Playing The Enemy: Nelson Mandela And The Game That Made A Nation by John CarlinPlaying The Enemy: Nelson Mandela And The Game That Made A Nation by John Carlin

Playing The Enemy: Nelson Mandela And The Game That Made A Nation

byJohn Carlin

Paperback | July 28, 2009

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The inspiration for the film INVICTUS, starring Matt Damon and Morgan Freeman. 

Beginning in a jail cell and ending in a rugby tournament- the true story of how the most inspiring charm offensive in history brought South Africa together. After being released from prison and winning South Africa's first free election, Nelson Mandela presided over a country still deeply divided by fifty years of apartheid. His plan was ambitious if not far-fetched: use the national rugby team, the Springboks-long an embodiment of white-supremacist rule-to embody and engage a new South Africa as they prepared to host the 1995 World Cup. The string of wins that followed not only defied the odds, but capped Mandela's miraculous effort to bring South Africans together again in a hard-won, enduring bond.
John Carlin is senior international writer for El País, the world’sleading Spanish language newspaper, and was previously the U.S.bureau chief for The Independent on Sunday. His writing has appeared inThe New York Times, The New Republic, Wired, Spin, and Conde NastTraveler.
Title:Playing The Enemy: Nelson Mandela And The Game That Made A NationFormat:PaperbackDimensions:288 pages, 8.4 × 5.4 × 0.7 inPublished:July 28, 2009Publisher:Penguin Publishing GroupLanguage:English

The following ISBNs are associated with this title:

ISBN - 10:0143115723

ISBN - 13:9780143115724

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Rated 5 out of 5 by from Invictus in print The book on which the Matt Damon and Morgan Freeman movie Invictus is based on proves reality is way better than any movie. Not that the movie isn't good but this is more how the Springboks were used as a vehicle to unite South Africa rather than a breakdown of how they won the 1995 Rugby World Cup. Also, this truly shows everyone what a genius Nelson Mandela really was in his political life.
Date published: 2016-12-24
Rated 5 out of 5 by from Great Read! This book is very inspiring, an covers an important period of history without getting to dry. If you enjoyed the movie Invictus, this book is a great tie-in.
Date published: 2016-11-20
Rated 5 out of 5 by from An inspiring TRUE story I received this book for Xmas and was initially sceptical, thinking it would be overtly political - read: dry. I was very pleasantly surprised with how Carlin weaves a fascinating tale filled with an incredibly varied cast of characters. True, it's political, but it's also fascinating, exasperating, heartbreaking, exciting, shocking and so much more. This book highlights an important time in the evolution of racial equality that people often overlook. Mandela was the lightning rod for change and this amazing book highlights this fact beautifully. Read it, you won't regret it.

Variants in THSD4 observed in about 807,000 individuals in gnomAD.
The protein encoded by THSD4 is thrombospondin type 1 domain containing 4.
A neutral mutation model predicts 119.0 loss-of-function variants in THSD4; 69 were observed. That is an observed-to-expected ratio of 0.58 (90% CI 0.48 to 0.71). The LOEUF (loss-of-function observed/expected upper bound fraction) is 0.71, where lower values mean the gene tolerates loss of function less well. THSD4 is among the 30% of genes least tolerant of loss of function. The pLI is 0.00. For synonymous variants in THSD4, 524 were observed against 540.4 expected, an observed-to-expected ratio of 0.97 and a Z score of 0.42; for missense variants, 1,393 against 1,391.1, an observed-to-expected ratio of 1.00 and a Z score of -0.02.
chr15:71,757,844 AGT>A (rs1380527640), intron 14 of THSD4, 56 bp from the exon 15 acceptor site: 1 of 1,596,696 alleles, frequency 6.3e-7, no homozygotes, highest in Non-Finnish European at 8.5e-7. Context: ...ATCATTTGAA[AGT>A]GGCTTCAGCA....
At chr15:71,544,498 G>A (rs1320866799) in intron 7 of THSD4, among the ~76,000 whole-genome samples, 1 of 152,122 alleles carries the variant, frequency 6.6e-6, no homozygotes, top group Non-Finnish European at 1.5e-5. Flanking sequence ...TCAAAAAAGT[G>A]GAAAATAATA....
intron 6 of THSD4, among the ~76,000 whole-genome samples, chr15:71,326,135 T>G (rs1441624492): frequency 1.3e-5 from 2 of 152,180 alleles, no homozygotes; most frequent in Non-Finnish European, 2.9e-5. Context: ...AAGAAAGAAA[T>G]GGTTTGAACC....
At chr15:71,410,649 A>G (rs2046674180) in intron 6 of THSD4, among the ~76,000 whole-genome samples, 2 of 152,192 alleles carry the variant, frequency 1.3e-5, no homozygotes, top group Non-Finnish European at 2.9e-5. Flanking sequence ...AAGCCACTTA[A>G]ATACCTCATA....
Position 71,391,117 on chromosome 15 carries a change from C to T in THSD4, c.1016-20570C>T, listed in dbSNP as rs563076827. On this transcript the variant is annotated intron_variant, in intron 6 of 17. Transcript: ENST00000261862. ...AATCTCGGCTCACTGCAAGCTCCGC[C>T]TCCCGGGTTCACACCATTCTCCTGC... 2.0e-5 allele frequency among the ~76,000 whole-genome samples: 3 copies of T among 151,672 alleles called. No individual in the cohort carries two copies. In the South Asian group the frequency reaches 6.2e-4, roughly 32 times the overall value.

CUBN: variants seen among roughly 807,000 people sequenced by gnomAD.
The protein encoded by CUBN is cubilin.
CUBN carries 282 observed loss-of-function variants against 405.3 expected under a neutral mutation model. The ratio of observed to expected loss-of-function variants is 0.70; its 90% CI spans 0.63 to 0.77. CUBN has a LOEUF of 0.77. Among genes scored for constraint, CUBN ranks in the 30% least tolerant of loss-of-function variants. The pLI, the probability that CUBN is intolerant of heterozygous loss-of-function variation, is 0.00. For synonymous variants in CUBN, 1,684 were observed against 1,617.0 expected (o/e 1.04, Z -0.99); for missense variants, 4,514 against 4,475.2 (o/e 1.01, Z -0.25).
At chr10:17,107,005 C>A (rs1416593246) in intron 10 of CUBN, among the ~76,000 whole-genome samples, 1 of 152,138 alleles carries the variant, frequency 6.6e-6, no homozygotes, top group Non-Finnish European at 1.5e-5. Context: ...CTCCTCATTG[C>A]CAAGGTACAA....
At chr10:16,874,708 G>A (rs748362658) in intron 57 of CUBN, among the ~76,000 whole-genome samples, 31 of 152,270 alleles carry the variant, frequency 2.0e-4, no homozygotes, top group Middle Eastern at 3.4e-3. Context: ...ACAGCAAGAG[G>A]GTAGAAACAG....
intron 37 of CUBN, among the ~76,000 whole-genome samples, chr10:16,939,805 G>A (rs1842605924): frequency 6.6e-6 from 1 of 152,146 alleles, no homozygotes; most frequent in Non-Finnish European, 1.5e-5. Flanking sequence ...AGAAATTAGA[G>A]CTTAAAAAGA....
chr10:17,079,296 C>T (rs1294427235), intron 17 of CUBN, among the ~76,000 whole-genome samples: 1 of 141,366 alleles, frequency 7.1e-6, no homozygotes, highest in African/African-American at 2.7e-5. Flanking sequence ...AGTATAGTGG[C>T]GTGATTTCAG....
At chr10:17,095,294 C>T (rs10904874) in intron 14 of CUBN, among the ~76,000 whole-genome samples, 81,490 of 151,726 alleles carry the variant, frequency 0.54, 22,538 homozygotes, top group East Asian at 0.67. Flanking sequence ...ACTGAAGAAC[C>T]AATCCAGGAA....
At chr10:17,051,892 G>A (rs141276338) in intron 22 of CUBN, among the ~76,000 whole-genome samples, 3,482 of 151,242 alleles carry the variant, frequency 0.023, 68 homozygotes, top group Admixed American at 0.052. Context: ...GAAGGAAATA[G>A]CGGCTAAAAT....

Date published: 2010-01-05

Table of Contents

Playing The EnemyIntroduction

Chapter I: Breakfast in Houghton
Chapter II: The Minister of Justice
Chapter III: Separate Amenities
Chapter IV: Bagging the Croc
Chapter V: Different Planets
Chapter VI: Ayatollah Mandela
Chapter VII: The Tiger King
Chapter VIII: The Mask
Chapter IX: The Bitter-Enders
Chapter X: Romancing the General
Chapter XI: "Address Their Hearts"
Chapter XII: The Captain and the President
Chapter XIII: Springbok Serenade
Chapter XIV: Silvermine
Chapter XV: Doubting Thomases
Chapter XVI: The Number Six Jersey
Chapter XVII: "Nelson! Nelson!"
Chapter XVIII: Blood in the Throat
Chapter XIX: Love Thine Enemy

Where Are They Now?
A Note on Sources

A section of photographs follows page 114.

Editorial Reviews

" This wonderful book describes Mandela's methodical, improbable and brilliant campaign to reconcile resentful blacks and fearful whites around a sporting event, a game of rugby."
-The New York Times Book Review

" If you have any doubts about the political genius of Nelson Mandela, read John Carlin's engrossing book . . . [A] feel-good slice of history."
-USA Today